9 Common Cooler Mistakes that Cause Food to Spoil

Whether you go camping, on a fun road trip, or tailgating event, the cooler is the most important camping essential that you’ll take with you. However, nothing fun about getting to your destination only to find your food is not cold and is starting to spoil! However, these common cooler mistakes are easily correctible.

From buying, picking out the color to packing an ice chest and even the kind of ice you use all hinders whether or not your food will spoil. We’ll show you what NOT to do with your cooler.

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9 Common Cooler Mistakes that Cause Food to Spoil

Why Your Ice Chest Fails to Keep Your Perishables COLD!

Buying a Name Brand Cooler Because it’s Fashionable

One of the most common cooler mistakes is buying the wrong type of cooler.

Cheaply made coolers lose their effectiveness simply because they lack thick insulation in their lids and and bottom. That alone reduces your cooler’s duty in keeping your food at a safe temperature.

That said, many outdoorsy types, including experienced campers, believe that a good cooler should be costly. There’s that whole ‘you get what you pay for’ scenario.

Well, to a certain extent, that’s entirely not true. While yes, you could buy a well-known brand name cooler that claims to have all the bells and whistles that lives up to the standard.

However, it really goes a bit beyond the brand name when it gets down to insulating factors. It’s actually all about the RV-value thickness of insulation that makes it a top brand cooler; not some clever name or logo.

What makes a cooler a good buy?

Look for premium hard-sided coolers hat are injected with 2 to 3 inches of commercial grade polyurethane foam in the lid and walls giving an R-value of 7 inches of thickness. This is amongst the best insulation properties in the cooler manufacturing industry.

The denser the foam, the less bubbles and air pockets that allow introduction of warm air to pass through the ice chest to your food.

So, if you’re buying a cooler, lean towards one that has a higher R-value of thicker and denser insulation.

✰ RELATED   10 Top Rated Best Coolers for Camping

Buying the Wrong Color of Cooler

We’ve all seen those popular brand name coolers that come in an array of different colors. Perhaps they think it makes camping or your tailgating event look cooler (see what I did there?) or easily identifiable.

But really, you need to heed my advice about the color of the cooler you’re going to buy.

If you’re using your cooler outdoors you know there’s great chance it’s going to be exposed to the sun. Therefore, we highly recommend going with a white or even a pastel color.

Why? Because dark colors such as black, navy blue or brown absorb more UV rays than lighter shades. Even bright colors like reds, purples and blues can absorb the heat of the sun quicker making the contents inside lose their necessary refrigeration.

This will cause your cooler to not work optimally in keeping your refrigerated food from spoiling.

Buying the Wrong Size Cooler

It’s a common misconception that you should buy the biggest, most badass cooler on the market. In reality, that will end up being a huge cooler fail and here’s why..

While that may allow you a crap ton of space to pack in the steaks, bacon, eggs, cheese, butter, milk and beer, therein lies a huge elephant-in-the-room problem. Ya gotta be able to lift it! 

But, on the other hand, buying a cooler that’s too small for your intent isn’t going to work either.

Now, I will offer this piece of advice, having been RVers, campers and boaters for decades, don’t set out on just ‘one’ ice chest.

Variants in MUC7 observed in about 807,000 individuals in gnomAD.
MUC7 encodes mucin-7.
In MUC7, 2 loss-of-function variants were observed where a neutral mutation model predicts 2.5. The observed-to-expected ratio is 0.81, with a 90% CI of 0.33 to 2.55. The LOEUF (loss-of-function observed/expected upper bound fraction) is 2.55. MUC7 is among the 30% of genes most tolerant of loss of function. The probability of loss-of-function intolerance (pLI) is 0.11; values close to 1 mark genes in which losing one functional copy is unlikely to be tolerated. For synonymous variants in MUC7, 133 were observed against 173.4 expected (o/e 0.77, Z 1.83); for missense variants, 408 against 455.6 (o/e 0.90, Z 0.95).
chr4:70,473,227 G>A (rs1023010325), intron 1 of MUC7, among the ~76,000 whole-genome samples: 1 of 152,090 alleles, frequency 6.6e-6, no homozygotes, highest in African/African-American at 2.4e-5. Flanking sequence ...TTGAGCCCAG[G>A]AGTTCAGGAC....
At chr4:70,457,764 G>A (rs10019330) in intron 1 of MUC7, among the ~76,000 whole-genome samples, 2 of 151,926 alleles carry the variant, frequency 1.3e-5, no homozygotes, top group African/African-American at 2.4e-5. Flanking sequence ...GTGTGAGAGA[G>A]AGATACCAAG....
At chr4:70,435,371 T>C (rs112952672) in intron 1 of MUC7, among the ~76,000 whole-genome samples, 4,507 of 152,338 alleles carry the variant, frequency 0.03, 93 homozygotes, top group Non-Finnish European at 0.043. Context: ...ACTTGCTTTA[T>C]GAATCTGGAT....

As you read further, it will explain our reasoning why you should have one to keep your food cold and another as your beverage cooler.

Not Prepping Your Cooler for Optimal Usage

Now, once you get your cooler, the first thing you should do, like all smart consumers, is read the manufacturers instructions. While we may think that all coolers are the same, some do have features and recommendations others may not.

Secondly, you should prep your cooler with a good washing. After all, you’re going to be putting food in it. Cleaning it will eliminate that chemical new cooler smell. Which, do you really want those odors leaching into your perishable foods?

The last thing to prep your cooler is to get the inside of the cooler below 40°F (4.44°C) before putting any food in. You may want to keep a refrigerator thermometer (I actually use that one) inside for accurate temperature reading.

To do that, you’re going to put in a bag or two of expendable ice the night before and seal it up. Again though, do not add food during this process. Then, in the morning, once you know the inside of your cooler is of optimal cold temperature, it’s time to load it with your food.

Now, if you’re headed somewhere that’s really hot, you may want to stick a piece of reflectix inside the bottom of your cooler as well as under the lid for added insulating value.

But heck, if you want to really cheap out, just cut to size a car windshield sunshade to get the same effect.

✰ RELATED ✰ How to Clean a Smelly Cooler or Ice Chest

Improperly Packing Your Cooler

Another of the most common cooler mistakes is improper packing. Most people will overpack their cooler leaving very little room for even a bag of ice.

The important thing to remember when packing your cooler, regardless if it’s to store food and/or beverages is the 2:1 ratio of ice to food.

What does that mean? The 2:1 ratio is 2 parts ice to 1 part food. It’s important NOT to overpack your cooler with ‘just’ food. You need your food containers to be surrounded by ice or the ice water it produces.

So, keeping a simple measure, your cooler should really be a third food (in or out of containers) to two thirds ice. Now, that doesn’t mean that two-thirds has to be just ice. It can be food containers that are pre-frozen (such as pre-made spaghetti sauce, soups, pasta dishes, etc.).

Or, when freezing food examples above, place them in zipper bags and flatten them before putting them in the freezer. This helps keep them compact making packing your cooler easier.

When you pack your food cooler, you want to layer it like lasagna. Line the bottom of the cooler with ice blocks to create that most important insulating barrier.